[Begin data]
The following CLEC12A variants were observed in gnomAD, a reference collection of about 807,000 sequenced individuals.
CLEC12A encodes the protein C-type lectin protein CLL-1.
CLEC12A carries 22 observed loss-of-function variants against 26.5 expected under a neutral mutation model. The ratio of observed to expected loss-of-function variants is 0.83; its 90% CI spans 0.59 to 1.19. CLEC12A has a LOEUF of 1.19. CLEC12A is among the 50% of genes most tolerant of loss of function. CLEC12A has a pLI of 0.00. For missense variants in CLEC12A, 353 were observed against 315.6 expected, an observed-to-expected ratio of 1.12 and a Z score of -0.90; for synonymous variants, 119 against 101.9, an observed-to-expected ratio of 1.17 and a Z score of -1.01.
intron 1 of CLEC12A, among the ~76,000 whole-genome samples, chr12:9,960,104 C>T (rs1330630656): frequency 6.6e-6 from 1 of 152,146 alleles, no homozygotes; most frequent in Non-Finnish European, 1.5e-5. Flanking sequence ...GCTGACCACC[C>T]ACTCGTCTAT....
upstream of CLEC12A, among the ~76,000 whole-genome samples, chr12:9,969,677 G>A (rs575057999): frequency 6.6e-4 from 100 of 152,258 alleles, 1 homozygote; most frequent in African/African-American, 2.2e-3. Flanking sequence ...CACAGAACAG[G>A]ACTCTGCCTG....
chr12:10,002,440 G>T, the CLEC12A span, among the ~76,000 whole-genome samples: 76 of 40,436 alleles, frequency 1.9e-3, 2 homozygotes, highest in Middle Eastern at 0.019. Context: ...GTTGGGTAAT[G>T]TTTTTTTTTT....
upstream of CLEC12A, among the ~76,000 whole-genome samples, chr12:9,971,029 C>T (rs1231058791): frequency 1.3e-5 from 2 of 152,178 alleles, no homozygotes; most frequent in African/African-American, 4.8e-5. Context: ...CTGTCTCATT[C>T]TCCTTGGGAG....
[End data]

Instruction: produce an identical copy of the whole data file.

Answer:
The following CLEC12A variants were observed in gnomAD, a reference collection of about 807,000 sequenced individuals.
CLEC12A encodes the protein C-type lectin protein CLL-1.
CLEC12A carries 22 observed loss-of-function variants against 26.5 expected under a neutral mutation model. The ratio of observed to expected loss-of-function variants is 0.83; its 90% CI spans 0.59 to 1.19. CLEC12A has a LOEUF of 1.19. CLEC12A is among the 50% of genes most tolerant of loss of function. CLEC12A has a pLI of 0.00. For missense variants in CLEC12A, 353 were observed against 315.6 expected, an observed-to-expected ratio of 1.12 and a Z score of -0.90; for synonymous variants, 119 against 101.9, an observed-to-expected ratio of 1.17 and a Z score of -1.01.
intron 1 of CLEC12A, among the ~76,000 whole-genome samples, chr12:9,960,104 C>T (rs1330630656): frequency 6.6e-6 from 1 of 152,146 alleles, no homozygotes; most frequent in Non-Finnish European, 1.5e-5. Flanking sequence ...GCTGACCACC[C>T]ACTCGTCTAT....
upstream of CLEC12A, among the ~76,000 whole-genome samples, chr12:9,969,677 G>A (rs575057999): frequency 6.6e-4 from 100 of 152,258 alleles, 1 homozygote; most frequent in African/African-American, 2.2e-3. Flanking sequence ...CACAGAACAG[G>A]ACTCTGCCTG....
chr12:10,002,440 G>T, the CLEC12A span, among the ~76,000 whole-genome samples: 76 of 40,436 alleles, frequency 1.9e-3, 2 homozygotes, highest in Middle Eastern at 0.019. Context: ...GTTGGGTAAT[G>T]TTTTTTTTTT....
upstream of CLEC12A, among the ~76,000 whole-genome samples, chr12:9,971,029 C>T (rs1231058791): frequency 1.3e-5 from 2 of 152,178 alleles, no homozygotes; most frequent in African/African-American, 4.8e-5. Context: ...CTGTCTCATT[C>T]TCCTTGGGAG....